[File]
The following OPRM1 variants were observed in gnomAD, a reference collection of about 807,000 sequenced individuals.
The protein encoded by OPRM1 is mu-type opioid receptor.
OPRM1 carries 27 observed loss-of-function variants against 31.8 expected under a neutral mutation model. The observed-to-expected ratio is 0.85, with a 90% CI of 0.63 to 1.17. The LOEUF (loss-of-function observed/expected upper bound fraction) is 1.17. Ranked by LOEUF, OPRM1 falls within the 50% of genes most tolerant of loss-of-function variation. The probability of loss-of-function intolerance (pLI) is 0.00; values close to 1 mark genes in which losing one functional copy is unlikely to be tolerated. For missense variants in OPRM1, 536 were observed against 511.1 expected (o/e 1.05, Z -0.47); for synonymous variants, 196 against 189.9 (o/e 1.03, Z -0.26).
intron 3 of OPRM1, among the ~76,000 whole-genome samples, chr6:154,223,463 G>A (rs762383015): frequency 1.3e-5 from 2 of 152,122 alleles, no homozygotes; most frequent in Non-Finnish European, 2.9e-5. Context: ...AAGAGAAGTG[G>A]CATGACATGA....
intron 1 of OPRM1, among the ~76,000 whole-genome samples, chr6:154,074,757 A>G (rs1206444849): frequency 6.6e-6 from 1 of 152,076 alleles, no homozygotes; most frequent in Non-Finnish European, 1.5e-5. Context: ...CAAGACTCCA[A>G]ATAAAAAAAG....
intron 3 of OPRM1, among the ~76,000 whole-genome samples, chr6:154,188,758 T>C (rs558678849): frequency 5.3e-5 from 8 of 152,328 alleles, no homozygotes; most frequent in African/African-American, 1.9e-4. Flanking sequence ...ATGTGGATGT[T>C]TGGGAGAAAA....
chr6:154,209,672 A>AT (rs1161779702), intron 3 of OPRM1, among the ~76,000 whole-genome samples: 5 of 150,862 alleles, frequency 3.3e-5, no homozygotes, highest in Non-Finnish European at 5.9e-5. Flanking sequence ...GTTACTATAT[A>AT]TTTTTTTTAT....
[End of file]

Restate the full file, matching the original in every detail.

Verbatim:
The following OPRM1 variants were observed in gnomAD, a reference collection of about 807,000 sequenced individuals.
The protein encoded by OPRM1 is mu-type opioid receptor.
OPRM1 carries 27 observed loss-of-function variants against 31.8 expected under a neutral mutation model. The observed-to-expected ratio is 0.85, with a 90% CI of 0.63 to 1.17. The LOEUF (loss-of-function observed/expected upper bound fraction) is 1.17. Ranked by LOEUF, OPRM1 falls within the 50% of genes most tolerant of loss-of-function variation. The probability of loss-of-function intolerance (pLI) is 0.00; values close to 1 mark genes in which losing one functional copy is unlikely to be tolerated. For missense variants in OPRM1, 536 were observed against 511.1 expected (o/e 1.05, Z -0.47); for synonymous variants, 196 against 189.9 (o/e 1.03, Z -0.26).
intron 3 of OPRM1, among the ~76,000 whole-genome samples, chr6:154,223,463 G>A (rs762383015): frequency 1.3e-5 from 2 of 152,122 alleles, no homozygotes; most frequent in Non-Finnish European, 2.9e-5. Context: ...AAGAGAAGTG[G>A]CATGACATGA....
intron 1 of OPRM1, among the ~76,000 whole-genome samples, chr6:154,074,757 A>G (rs1206444849): frequency 6.6e-6 from 1 of 152,076 alleles, no homozygotes; most frequent in Non-Finnish European, 1.5e-5. Context: ...CAAGACTCCA[A>G]ATAAAAAAAG....
intron 3 of OPRM1, among the ~76,000 whole-genome samples, chr6:154,188,758 T>C (rs558678849): frequency 5.3e-5 from 8 of 152,328 alleles, no homozygotes; most frequent in African/African-American, 1.9e-4. Flanking sequence ...ATGTGGATGT[T>C]TGGGAGAAAA....
chr6:154,209,672 A>AT (rs1161779702), intron 3 of OPRM1, among the ~76,000 whole-genome samples: 5 of 150,862 alleles, frequency 3.3e-5, no homozygotes, highest in Non-Finnish European at 5.9e-5. Flanking sequence ...GTTACTATAT[A>AT]TTTTTTTTAT....